What about me? What advice would my future-self offer me today?

One day quickly slips into the next. Today is frequently similar to yesterday. Our lives become routine, often following the pack in expectation we’re doing the ‘right thing’; what we’re supposed to be doing.

So many people are just trying to survive, to fit in, and be successful. Success isn’t measured by our bank accounts, but in our happiness.

For many years, I lived life by accident. I spent my days doing to what I thought I was supposed to be doing as a successful, contributing member of society. I lived life on autopilot, unaware there could be a different way.

I was busy, but I wasn’t fulfilled.

It wasn’t until more recent years that I’ve learned to pause and check in with the wisdom of my heart.

  • What do I want to be doing?
  • What fills me up?
  • What’s my gift to life?
  • What am I here to offer the world?

When we remain hypnotized by expectation, not taking time to check in with ourselves, we miss cues offered by the deep knower within.

Recently, a friend reflected how many people put off living their dreams until retirement. Many postpone travel, enjoyment, and following passions until retirement, only to die soon after, never following their heart’s call.

People often make a living without ever really having a life, ignoring the callings from their heart.

A line from The Letter says,

‘any fool can follow his dreams. Following your heart is a much deeper, more profound journey and takes a lifetime to understand.”

Following the lead of Norm’s song, I’ve taken pause again, to examine my life.

Am I living life on my terms, or have I fallen into living life based on routines and expectations?  It’s so easy to fall into comfortable patterns, but is that really living? What’s the calling of my heart?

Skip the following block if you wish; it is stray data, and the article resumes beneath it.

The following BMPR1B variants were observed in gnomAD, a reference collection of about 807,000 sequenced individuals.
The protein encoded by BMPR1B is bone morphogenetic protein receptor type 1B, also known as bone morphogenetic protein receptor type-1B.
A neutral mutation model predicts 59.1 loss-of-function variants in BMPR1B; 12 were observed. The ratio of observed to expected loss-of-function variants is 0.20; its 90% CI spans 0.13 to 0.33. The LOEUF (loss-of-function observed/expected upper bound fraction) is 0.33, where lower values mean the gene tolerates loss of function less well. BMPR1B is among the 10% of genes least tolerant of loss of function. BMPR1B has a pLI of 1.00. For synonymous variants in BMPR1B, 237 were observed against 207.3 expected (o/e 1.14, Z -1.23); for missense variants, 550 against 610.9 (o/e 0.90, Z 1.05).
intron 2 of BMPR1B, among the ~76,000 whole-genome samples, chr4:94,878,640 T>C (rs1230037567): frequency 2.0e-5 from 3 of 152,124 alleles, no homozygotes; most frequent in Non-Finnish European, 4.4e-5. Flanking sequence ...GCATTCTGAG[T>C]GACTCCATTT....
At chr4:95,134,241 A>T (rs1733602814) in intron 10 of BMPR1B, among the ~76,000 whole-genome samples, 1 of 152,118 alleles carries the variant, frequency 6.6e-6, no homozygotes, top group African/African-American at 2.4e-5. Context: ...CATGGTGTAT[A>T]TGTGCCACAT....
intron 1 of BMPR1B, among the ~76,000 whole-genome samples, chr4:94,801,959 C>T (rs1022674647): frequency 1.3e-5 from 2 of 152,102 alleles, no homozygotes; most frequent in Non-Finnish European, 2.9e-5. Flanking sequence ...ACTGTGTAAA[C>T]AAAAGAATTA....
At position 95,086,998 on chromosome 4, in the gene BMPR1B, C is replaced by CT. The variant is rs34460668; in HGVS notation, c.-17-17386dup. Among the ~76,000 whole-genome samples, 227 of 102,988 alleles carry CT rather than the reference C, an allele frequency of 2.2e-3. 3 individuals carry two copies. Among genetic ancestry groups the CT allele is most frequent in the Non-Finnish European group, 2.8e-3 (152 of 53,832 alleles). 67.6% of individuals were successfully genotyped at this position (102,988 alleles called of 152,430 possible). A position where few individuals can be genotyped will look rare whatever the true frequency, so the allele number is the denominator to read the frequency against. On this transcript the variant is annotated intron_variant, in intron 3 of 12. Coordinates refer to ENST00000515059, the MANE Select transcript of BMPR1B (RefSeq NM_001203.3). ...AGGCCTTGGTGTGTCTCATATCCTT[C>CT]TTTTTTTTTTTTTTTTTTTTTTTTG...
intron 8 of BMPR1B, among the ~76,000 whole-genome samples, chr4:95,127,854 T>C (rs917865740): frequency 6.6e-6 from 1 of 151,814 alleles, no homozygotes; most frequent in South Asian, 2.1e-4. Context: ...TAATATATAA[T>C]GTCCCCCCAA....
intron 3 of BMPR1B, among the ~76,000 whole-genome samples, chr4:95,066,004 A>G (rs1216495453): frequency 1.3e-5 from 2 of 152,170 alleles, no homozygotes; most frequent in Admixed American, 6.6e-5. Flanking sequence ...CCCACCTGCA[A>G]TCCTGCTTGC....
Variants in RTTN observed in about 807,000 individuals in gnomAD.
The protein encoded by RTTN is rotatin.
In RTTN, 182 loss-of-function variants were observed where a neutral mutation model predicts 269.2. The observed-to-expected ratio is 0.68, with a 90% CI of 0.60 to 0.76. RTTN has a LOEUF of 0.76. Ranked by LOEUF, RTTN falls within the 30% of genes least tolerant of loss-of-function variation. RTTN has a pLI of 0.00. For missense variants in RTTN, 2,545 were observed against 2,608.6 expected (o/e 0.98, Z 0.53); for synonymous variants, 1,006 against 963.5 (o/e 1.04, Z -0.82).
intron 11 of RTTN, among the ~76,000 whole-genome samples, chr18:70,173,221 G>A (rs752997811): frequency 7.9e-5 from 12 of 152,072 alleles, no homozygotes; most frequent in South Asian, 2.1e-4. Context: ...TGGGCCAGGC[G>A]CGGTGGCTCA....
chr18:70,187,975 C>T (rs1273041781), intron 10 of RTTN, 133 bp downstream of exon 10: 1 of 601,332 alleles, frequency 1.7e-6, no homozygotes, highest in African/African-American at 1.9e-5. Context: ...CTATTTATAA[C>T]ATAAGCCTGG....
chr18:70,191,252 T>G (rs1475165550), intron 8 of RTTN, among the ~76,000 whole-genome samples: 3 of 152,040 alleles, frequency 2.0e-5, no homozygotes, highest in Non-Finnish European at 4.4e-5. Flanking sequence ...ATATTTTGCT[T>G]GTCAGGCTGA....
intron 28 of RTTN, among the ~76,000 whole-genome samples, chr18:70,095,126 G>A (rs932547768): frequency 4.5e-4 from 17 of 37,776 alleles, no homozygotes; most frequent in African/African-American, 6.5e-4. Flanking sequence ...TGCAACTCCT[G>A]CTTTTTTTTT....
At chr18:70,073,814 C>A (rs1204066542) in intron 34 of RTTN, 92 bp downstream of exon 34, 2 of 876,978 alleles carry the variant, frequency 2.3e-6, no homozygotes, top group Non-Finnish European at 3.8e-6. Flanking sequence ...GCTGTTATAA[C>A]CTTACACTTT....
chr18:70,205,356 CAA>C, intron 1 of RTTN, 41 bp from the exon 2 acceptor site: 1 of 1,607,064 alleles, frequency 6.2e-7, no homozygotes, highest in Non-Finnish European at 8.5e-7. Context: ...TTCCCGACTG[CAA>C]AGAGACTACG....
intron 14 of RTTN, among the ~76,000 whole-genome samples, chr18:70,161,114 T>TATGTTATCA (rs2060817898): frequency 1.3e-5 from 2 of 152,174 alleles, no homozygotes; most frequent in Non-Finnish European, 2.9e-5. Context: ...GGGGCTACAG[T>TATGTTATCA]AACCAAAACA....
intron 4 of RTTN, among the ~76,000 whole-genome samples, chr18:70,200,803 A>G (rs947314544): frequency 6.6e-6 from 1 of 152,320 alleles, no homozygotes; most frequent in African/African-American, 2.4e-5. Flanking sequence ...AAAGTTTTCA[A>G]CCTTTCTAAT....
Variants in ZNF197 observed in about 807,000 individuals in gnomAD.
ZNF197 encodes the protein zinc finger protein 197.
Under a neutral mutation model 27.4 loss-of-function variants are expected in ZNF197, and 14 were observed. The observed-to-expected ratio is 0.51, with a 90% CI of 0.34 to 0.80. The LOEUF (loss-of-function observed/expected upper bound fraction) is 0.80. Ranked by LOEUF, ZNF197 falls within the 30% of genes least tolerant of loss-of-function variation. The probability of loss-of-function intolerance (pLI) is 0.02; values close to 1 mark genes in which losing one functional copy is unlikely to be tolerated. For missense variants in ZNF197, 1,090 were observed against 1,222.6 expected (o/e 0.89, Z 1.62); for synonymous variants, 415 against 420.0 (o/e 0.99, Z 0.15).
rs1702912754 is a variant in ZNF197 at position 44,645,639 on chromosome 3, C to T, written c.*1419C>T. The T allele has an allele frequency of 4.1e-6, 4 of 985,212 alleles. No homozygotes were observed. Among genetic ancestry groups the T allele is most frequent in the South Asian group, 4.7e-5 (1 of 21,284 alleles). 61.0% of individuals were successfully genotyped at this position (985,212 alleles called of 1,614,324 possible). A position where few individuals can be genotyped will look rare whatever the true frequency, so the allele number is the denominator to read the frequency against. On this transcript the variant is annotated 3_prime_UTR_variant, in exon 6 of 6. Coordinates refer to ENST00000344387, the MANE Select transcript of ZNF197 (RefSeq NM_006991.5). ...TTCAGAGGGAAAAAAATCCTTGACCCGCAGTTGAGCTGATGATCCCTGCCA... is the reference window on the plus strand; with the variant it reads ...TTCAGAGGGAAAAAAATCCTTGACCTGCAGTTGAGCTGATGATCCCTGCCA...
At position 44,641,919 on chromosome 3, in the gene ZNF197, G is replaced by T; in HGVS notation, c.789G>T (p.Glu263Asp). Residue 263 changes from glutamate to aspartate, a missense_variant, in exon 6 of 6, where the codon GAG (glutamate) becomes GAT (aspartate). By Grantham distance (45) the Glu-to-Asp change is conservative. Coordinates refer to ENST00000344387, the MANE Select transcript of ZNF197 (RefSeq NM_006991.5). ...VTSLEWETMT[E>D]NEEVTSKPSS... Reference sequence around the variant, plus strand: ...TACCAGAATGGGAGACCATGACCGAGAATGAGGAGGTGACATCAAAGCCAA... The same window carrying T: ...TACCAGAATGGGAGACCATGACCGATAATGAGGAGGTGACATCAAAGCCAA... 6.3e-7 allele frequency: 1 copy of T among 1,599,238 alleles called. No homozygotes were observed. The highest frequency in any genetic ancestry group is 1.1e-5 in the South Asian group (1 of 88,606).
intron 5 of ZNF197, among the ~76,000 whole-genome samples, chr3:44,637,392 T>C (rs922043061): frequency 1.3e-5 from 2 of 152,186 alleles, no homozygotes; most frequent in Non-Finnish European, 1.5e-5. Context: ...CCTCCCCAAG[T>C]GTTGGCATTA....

If I knew this was the last year I had to live, would I be spending precious time and life-energy on the things that concern me today?

What advice would my future-self have to offer me today?

I’ve lived a life uncommon, and I’m glad. My life doesn’t have to make sense to anyone else, but it has to make sense to me.

I’ve learned that living life based on supposed expectations and external demands is not fulfilling. Doing things the way they’re done by everyone else may allow me to fit in, but it’s not what’s true for me.

It doesn’t feed my soul.

Each of us is unique. We each have our own songs to sing and our own purpose to fulfill, as only we can. No one else does life exactly like you do.

There’s richness in listening to our hearts, waking up to our own unique gifts, abilities, and passions, and offering these to the world as our legacy.

What advice does your future-self have to offer you today? Listen to your heart, send yourself a letter, and then respond.

What would you love to do?



More New Thought articles

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About the Author

Corinne is first a wife, mother, and grandmother, whose eclectic background has created a rich alchemy that serves to inform her perspectives on life.

Corinne, a registered nurse with a master’s degree in Health Science, is a staff minister with the Centre for Spiritual Living Kelowna, and a hospice volunteer. She is an adjunct professor with the school of nursing  at UBC Okanagan, and is currently teaching smartUBC, a unique Mindfulness program offered at UBC, to the public. She is an invited speaker and presenter.

From diverse experience and knowledge, personally and professionally, Corinne has developed an extraordinary passion for helping people to gain a new perspective, awaken, and to recognize that we do not have to be a slave to our thoughts or to life; we are always at a point of change.

Through this column, Corinne blends her insights and research to provide food for the mind and the heart, to encourage an awakening of the power and potential within everyone.

Corinne lives in Kelowna with her husband of 41 years, and can be reached at [email protected].



The views expressed are strictly those of the author and not necessarily those of Castanet. Castanet does not warrant the contents.